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Practice Management

Being a problem solver is the key to success.

This Practice Management article is intended for financial advisors only (registered representatives of broker dealers or associated persons of Registered Investment Advisors).

The word “salesman” sometimes conjures images of high pressure tactics and possibly someone doing something in their own best interest instead of the client’s best interest.

For that reason, many people simply don’t like being “sold to,” yet everyone likes having their problems go away. If you are effective at solving people’s problems, you will become an effective salesperson. I will discuss how to set the mood for a sales meeting, how to learn what really motivates a client, and how to do a one-page close.

Let’s discuss the most important thing first: setting the mood for the meeting. If you are going to set the mood, guess whose emotional state you need to manage first? If you said the client’s, you were incorrect. You need to master your emotional state as a first step. If you did not get a good night’s sleep, if you are hungry or are thinking about a problem, this will be difficult to do consistently. You may fake it for a while, but eventually, at some point, you will “lose it.” So, sleep eight hours, take breaks during the day, and have healthy snacks and keep plenty of water at hand. Do not skip meals (especially breakfast); you simply won’t have the energy to give 100% all day long.

Next, before meetings, stand up, breathe deeply, stretch a little, and get yourself in a good state. You need to move physically to get really engaged emotionally.

Once the client arrives, begin the meeting with empowering questions. Empowering questions must be answered in the positive. Don’t ask, “How are you?” Instead, ask, “What’s the best thing going on with you lately?”

And don’t just ask, “What do you do for a living?” Make sure you follow up with: “What do you like best about that type of work?” Instead of asking: “Do you have any hobbies?” ask, “What’s your favorite thing to do when you are not at work?” Then ask: “What do you like best about that?”

These types of questions will put anyone in a positive state of mind as soon as they focus on the answer. With practice, you can think of dozens of similar examples and have fun with them. Only when you can see the person emotionally engaged will you “bridge” to finding out the client's motivators by asking: “Before I get into the agenda, I’d like to ask a few questions first to help me make sure I really understand what you would like to focus on today before getting started, is that okay?”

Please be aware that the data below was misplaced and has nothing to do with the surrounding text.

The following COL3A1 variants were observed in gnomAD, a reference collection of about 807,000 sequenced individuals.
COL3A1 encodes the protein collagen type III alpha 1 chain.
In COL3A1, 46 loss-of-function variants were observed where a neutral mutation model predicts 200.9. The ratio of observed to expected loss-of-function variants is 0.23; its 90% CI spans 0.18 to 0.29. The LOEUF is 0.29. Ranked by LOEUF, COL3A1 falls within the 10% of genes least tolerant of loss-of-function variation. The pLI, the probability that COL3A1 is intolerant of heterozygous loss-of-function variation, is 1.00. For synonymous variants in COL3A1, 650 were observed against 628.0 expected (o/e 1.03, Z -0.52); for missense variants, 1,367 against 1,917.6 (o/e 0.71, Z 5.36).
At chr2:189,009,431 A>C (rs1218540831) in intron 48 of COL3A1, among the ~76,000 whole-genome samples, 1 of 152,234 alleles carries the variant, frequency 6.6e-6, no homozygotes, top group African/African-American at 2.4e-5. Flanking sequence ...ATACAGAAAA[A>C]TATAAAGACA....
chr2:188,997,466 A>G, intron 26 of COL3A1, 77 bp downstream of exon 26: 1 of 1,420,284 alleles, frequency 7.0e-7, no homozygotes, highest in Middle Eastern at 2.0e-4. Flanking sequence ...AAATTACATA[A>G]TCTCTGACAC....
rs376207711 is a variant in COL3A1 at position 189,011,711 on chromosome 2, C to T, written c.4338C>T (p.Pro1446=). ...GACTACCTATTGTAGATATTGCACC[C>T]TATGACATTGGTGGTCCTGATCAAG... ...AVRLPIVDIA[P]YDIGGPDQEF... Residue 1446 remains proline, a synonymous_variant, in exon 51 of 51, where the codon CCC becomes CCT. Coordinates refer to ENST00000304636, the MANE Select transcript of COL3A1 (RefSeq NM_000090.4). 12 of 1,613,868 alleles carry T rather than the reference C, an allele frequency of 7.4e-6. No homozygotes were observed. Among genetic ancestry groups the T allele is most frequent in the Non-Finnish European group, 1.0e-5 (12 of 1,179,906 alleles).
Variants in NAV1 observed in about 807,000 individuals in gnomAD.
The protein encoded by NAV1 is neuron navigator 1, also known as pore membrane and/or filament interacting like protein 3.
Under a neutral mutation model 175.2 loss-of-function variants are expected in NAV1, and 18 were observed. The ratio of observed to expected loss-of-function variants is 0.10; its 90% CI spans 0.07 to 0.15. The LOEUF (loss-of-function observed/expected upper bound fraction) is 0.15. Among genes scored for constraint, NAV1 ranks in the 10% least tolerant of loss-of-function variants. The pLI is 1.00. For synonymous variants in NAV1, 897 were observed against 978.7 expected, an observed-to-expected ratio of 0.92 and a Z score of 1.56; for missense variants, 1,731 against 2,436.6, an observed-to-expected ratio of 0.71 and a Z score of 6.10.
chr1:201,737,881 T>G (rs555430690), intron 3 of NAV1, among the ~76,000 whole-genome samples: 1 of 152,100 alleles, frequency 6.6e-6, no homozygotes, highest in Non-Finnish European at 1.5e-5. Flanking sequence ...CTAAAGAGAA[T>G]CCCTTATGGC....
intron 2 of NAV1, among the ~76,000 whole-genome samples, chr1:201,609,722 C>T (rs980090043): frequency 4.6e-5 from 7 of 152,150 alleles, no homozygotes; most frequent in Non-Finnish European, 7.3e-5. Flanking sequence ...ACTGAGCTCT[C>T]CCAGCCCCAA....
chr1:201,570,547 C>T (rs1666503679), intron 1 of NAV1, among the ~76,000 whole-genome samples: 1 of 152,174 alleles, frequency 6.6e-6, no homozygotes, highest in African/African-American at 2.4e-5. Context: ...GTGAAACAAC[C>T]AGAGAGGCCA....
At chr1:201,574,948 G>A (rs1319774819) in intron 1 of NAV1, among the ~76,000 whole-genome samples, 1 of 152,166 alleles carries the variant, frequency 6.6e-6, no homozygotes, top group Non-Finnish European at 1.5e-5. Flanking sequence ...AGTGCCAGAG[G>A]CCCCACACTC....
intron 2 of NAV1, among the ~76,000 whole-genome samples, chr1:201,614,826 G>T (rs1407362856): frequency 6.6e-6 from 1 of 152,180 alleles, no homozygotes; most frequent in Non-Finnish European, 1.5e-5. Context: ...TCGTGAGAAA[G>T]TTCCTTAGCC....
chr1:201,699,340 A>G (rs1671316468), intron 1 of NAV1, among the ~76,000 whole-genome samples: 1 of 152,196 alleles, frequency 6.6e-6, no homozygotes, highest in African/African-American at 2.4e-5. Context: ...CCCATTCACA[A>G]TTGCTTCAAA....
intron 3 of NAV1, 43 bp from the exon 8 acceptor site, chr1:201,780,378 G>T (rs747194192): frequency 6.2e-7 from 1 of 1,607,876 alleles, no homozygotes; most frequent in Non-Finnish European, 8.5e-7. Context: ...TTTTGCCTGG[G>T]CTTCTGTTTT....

Now, before you start recommending anything, you need to understand the client’s primary motivators:

• What is it they want to move toward?
• What is it they want to move away from?

If you are going to present a product, you will frame those questions around that issue. If I am going to present an investment idea, I might ask: “What’s most important to you when making an investment decision?” Then follow up with, “Why is that important to you?” Or, I might ask: “What is the long-term goal you have for the money you are investing?” Then follow up with “What is another long-term goal?” Keep asking again until they run out of goals.

So this is the client’s “toward” motivation. Now we need to understand the problem they are trying to resolve, or their “away from” motivation. An example would be: “So you just mentioned that ______ is your long-term goal for your portfolio. What has been your biggest problem achieving that in the past?” Or, “What is it about your potential financial future that is your biggest concern, is there anything that keeps you up at night?”

The last step is to present your idea. If you asked the right questions, you should know what the client wants to achieve and the issues around that goal. If you have a solution, great—now you can be the “problem solver” as opposed to the salesperson.

Present solutions in a simple one-page, side-by-side format, making it easy for the client to compare differences. Your firm may already have approved sales literature for this purpose. If you need to create something, make sure you get approval before using it in the presentation. Try and offer at least two, but ideally three, potential ideas that will help the client get what they want and resolve their problem. Make it a simple, clear comparison that ideally fits on one page.

Remember to start the meeting by getting in a good state yourself, then ask empowering questions. Next, learn the client’s goals and the problems he or she is trying to resolve. Finally, make the choice easy by presenting your solutions in an easy one-page comparison and let the client choose the one they feel is best.

Remember, sales literature needs to be approved. As you become better at identifying and solving problems, your sales numbers will take care of themselves.

Todd Colbeck is principal and founder of the Colbeck Coaching Group, a subsidiary of General Business Center, Inc.


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